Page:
The tomb of John Esteney (or Estney), Abbot of Westminster, is now in the north ambulatory of Westminster Abbey, just in front of General Wolfe's memorial. On a low Purbeck marble base is a brass of the abbot in mass vestments under a triple canopy. He wears a mitre and holds a crozier and from his mouth a strip of brass has the inscription "Exultabo in Deo Jhesus Meo" (I shall exalt in God, my Jesus). There are indents of two shields. The original inscription has been destroyed but the Latin was recorded and can be translated:
Here lies Lord John Esteney, one-time Abbot of this place, who died 24 day of May, year of Our Lord 1498. On whose soul may God look favourably. Amen
The tomb was moved in 1706 from the chapel of St John the Evangelist, the railings, screen and canopy were destroyed. It can be seen in its original form in the mortuary roll of Abbot Islip (1532). The body was found entire 'lying in a chest quilted with yellow satin, he had on a gown of crimson silk girded to him with a black girdle, on his legs were white silk stockings and on his face, which was black, a clean napkin'. The tomb was moved again and an inscription on the plinth says:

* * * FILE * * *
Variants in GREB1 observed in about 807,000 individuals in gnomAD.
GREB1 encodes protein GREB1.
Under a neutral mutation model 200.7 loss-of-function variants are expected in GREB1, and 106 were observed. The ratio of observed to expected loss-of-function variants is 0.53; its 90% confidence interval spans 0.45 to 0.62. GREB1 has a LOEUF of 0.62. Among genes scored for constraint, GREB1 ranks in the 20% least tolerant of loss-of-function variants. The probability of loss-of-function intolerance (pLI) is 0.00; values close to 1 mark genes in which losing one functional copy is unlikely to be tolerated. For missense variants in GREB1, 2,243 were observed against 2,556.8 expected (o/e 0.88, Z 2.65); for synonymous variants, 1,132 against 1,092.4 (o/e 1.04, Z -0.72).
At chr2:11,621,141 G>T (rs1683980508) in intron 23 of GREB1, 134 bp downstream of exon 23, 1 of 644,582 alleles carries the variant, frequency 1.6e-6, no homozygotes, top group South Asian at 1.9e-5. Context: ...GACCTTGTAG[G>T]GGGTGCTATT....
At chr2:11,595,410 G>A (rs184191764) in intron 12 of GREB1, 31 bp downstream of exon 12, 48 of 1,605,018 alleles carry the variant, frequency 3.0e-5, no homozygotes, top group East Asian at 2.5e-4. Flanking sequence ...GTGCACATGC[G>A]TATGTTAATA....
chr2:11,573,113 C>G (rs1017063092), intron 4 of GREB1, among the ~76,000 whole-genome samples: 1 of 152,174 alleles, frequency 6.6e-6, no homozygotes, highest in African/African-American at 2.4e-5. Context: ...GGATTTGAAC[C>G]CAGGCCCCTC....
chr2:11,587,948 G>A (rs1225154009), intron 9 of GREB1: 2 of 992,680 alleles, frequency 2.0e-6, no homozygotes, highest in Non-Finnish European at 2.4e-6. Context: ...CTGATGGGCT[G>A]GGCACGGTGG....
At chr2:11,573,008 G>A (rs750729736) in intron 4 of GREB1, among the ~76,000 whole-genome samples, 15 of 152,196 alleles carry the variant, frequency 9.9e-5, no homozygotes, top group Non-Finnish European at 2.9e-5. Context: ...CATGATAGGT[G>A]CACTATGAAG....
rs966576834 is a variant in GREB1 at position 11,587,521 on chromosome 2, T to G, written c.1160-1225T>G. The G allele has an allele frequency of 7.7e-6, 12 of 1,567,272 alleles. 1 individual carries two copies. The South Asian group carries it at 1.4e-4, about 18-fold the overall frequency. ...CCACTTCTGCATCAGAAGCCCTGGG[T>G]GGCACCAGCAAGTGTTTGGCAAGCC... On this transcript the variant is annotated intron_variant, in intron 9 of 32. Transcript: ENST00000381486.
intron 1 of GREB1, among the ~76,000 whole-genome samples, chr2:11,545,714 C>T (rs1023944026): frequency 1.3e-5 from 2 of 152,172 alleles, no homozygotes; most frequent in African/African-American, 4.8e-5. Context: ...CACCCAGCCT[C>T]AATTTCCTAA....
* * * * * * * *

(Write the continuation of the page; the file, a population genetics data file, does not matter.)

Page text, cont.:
Underneath this tomb, removed in 1722 and restored in 1866, is interred John Estney, Abbot of Westminster 1474-1498
His family name was possibly Veysey (a John Veysey of Oxford left books to him in his will) and he was born around 1418 of unmarried parents. He entered the monastery in 1442 and held many posts before being elected Abbot. The obligation for each new Abbot to go to Rome to be confirmed by the Pope was remitted in his time and he had the guardianship of Elizabeth Woodville and her daughters when they took sanctuary at Westminster for the second time (1483). He was a patron of William Caxton, England's first printer, and he enabled Caxton to set up his press in the precincts. Work was continued on the building of the nave and the great west window was set up. During the last months of his life he was engaged in the effort to have the body of Henry VI translated from Windsor to Westminster, but this never happened.
Brother John Felix wrote a life of the abbot which is in the British Museum